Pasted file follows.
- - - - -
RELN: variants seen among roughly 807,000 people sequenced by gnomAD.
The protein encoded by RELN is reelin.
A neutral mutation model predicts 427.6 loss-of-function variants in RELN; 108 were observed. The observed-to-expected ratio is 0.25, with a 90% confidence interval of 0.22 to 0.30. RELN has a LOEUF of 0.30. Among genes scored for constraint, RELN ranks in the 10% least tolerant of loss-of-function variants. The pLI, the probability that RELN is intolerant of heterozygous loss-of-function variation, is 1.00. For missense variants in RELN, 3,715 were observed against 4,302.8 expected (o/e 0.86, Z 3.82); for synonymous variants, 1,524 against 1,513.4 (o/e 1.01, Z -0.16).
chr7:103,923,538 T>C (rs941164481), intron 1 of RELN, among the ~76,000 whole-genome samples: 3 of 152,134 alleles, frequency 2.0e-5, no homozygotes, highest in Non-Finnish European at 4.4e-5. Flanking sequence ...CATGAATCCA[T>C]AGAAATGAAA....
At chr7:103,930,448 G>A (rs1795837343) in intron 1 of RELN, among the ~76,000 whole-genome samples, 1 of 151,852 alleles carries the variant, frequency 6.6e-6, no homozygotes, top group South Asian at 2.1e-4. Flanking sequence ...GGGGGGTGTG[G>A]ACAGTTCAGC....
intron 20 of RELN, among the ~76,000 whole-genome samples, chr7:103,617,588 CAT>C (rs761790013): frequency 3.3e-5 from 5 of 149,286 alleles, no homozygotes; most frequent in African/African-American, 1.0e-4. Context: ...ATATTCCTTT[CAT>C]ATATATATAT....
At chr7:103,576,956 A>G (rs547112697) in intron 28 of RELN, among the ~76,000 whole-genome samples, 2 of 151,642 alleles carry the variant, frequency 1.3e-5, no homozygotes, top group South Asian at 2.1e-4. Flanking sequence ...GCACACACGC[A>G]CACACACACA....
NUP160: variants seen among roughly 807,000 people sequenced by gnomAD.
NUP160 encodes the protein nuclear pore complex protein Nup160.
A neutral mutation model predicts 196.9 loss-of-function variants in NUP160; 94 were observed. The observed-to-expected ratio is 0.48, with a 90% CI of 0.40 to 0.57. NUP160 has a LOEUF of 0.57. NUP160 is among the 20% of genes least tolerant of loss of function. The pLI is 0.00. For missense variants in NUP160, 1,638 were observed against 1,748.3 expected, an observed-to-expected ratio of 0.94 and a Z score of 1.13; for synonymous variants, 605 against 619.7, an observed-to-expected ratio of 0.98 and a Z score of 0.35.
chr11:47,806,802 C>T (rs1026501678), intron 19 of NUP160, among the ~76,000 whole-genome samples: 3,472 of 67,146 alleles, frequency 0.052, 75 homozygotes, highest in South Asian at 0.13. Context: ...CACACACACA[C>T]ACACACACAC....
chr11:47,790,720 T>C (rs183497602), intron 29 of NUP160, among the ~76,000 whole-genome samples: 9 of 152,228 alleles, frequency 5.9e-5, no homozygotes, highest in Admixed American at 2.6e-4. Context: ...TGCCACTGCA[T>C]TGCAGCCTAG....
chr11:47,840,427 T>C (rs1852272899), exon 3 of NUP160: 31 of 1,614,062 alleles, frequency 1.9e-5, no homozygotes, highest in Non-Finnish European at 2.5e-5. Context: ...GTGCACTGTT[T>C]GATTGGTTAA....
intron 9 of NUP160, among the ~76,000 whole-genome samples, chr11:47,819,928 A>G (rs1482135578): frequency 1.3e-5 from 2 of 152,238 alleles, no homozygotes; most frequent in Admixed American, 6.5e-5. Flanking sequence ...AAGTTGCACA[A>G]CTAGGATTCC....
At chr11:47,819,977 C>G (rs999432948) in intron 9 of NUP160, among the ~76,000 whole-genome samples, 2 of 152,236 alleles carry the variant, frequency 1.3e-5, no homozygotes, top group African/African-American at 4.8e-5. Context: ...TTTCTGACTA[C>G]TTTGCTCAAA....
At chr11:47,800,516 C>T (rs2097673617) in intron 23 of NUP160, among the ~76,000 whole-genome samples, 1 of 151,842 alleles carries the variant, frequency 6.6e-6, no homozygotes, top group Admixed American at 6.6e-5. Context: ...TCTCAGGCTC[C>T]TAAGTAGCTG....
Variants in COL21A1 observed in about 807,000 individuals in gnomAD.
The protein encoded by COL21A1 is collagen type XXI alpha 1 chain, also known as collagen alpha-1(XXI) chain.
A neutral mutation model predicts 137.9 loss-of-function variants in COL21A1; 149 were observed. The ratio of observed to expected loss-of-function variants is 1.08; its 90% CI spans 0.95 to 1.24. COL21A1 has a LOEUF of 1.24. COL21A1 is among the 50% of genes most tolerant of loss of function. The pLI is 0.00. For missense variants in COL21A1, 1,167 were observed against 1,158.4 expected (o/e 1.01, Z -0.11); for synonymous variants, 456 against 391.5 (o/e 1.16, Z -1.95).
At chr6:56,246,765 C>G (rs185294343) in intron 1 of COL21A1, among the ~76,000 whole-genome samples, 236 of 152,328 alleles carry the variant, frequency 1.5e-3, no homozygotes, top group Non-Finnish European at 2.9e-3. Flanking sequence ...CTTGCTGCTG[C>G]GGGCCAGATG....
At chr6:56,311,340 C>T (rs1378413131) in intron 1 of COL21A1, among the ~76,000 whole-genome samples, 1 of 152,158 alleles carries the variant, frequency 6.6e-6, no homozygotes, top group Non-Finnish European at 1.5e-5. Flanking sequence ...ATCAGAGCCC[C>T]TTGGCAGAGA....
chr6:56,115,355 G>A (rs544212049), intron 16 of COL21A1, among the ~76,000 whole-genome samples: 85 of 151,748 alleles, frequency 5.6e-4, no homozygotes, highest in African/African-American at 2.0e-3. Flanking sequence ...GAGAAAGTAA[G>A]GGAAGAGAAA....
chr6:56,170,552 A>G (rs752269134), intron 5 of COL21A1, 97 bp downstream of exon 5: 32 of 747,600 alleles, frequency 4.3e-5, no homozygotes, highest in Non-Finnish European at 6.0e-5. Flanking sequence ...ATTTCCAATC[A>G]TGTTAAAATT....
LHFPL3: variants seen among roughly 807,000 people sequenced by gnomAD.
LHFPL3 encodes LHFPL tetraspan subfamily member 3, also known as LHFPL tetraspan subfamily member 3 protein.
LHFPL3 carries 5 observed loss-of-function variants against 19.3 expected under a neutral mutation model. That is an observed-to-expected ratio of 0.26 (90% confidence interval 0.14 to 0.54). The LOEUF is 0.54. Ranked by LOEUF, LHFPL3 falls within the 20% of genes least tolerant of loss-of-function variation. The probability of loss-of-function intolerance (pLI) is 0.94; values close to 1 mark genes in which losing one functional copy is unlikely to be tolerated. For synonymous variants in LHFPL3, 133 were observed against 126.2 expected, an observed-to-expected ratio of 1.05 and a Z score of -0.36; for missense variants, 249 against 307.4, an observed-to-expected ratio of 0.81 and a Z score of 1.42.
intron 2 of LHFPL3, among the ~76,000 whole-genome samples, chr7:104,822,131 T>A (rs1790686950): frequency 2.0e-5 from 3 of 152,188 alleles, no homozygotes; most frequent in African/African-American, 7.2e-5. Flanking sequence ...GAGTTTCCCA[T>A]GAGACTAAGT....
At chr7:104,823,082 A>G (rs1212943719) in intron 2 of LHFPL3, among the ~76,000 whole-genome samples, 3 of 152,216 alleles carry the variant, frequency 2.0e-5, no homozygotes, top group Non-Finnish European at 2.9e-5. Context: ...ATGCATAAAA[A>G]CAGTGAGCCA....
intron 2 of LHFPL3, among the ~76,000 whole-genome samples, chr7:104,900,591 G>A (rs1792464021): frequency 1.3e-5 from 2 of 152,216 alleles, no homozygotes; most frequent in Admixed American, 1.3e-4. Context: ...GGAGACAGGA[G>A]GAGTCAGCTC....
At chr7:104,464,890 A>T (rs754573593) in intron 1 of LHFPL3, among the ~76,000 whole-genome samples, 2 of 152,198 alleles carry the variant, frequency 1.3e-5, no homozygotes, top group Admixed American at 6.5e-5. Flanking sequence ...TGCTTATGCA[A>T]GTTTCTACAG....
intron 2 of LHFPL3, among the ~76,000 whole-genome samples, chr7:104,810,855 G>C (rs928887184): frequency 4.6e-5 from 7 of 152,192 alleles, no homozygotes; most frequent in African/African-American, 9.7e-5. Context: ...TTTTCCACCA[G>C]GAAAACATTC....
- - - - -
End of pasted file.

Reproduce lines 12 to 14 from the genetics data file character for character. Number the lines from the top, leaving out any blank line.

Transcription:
chr11:47,790,720 T>C (rs183497602), intron 29 of NUP160, among the ~76,000 whole-genome samples: 9 of 152,228 alleles, frequency 5.9e-5, no homozygotes, highest in Admixed American at 2.6e-4. Context: ...TGCCACTGCA[T>C]TGCAGCCTAG....
chr11:47,840,427 T>C (rs1852272899), exon 3 of NUP160: 31 of 1,614,062 alleles, frequency 1.9e-5, no homozygotes, highest in Non-Finnish European at 2.5e-5. Context: ...GTGCACTGTT[T>C]GATTGGTTAA....
intron 9 of NUP160, among the ~76,000 whole-genome samples, chr11:47,819,928 A>G (rs1482135578): frequency 1.3e-5 from 2 of 152,238 alleles, no homozygotes; most frequent in Admixed American, 6.5e-5. Flanking sequence ...AAGTTGCACA[A>G]CTAGGATTCC....